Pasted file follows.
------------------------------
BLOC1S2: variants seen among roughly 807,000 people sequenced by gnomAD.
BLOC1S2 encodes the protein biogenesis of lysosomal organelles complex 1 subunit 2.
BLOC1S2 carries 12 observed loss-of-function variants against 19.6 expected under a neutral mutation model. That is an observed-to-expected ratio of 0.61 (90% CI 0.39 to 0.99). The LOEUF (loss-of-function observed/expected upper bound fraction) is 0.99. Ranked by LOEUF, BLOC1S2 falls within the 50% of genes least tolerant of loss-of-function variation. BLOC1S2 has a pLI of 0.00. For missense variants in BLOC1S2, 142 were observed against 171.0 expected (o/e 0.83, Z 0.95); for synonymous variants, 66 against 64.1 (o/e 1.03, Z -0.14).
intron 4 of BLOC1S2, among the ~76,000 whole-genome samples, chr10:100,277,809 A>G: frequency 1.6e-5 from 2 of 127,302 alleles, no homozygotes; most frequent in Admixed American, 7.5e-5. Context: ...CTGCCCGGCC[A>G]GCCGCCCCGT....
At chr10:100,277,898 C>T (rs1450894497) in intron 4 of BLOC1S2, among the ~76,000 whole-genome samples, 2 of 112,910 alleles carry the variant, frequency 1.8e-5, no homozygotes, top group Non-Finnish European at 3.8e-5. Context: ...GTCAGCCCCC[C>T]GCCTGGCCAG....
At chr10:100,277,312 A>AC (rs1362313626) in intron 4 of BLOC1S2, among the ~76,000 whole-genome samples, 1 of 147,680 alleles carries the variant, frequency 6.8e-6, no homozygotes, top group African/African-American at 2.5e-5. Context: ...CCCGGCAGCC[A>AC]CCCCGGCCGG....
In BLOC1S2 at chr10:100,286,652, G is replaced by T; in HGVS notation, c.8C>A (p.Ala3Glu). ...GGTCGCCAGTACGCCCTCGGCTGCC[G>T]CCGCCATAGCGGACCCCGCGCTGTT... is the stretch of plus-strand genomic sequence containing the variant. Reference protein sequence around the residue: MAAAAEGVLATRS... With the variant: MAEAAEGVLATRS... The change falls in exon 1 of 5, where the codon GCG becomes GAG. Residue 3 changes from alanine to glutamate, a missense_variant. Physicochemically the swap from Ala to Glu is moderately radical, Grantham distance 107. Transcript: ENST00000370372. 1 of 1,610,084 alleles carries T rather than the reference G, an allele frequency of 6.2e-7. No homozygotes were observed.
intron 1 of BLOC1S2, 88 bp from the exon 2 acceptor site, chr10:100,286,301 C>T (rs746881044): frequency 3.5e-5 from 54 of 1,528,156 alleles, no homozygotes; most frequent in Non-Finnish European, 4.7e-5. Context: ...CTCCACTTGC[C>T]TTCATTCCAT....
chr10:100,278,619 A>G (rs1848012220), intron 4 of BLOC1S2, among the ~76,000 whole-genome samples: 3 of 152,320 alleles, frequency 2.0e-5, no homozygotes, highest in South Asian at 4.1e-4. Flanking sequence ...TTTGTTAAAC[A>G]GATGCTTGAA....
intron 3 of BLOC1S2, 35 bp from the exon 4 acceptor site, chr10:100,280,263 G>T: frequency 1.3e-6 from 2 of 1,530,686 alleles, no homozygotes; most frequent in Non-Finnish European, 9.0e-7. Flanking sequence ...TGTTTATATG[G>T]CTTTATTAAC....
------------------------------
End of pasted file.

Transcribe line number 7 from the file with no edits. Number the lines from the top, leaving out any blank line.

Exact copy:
In BLOC1S2 at chr10:100,286,652, G is replaced by T; in HGVS notation, c.8C>A (p.Ala3Glu). ...GGTCGCCAGTACGCCCTCGGCTGCC[G>T]CCGCCATAGCGGACCCCGCGCTGTT... is the stretch of plus-strand genomic sequence containing the variant. Reference protein sequence around the residue: MAAAAEGVLATRS... With the variant: MAEAAEGVLATRS... The change falls in exon 1 of 5, where the codon GCG becomes GAG. Residue 3 changes from alanine to glutamate, a missense_variant. Physicochemically the swap from Ala to Glu is moderately radical, Grantham distance 107. Transcript: ENST00000370372. 1 of 1,610,084 alleles carries T rather than the reference G, an allele frequency of 6.2e-7. No homozygotes were observed.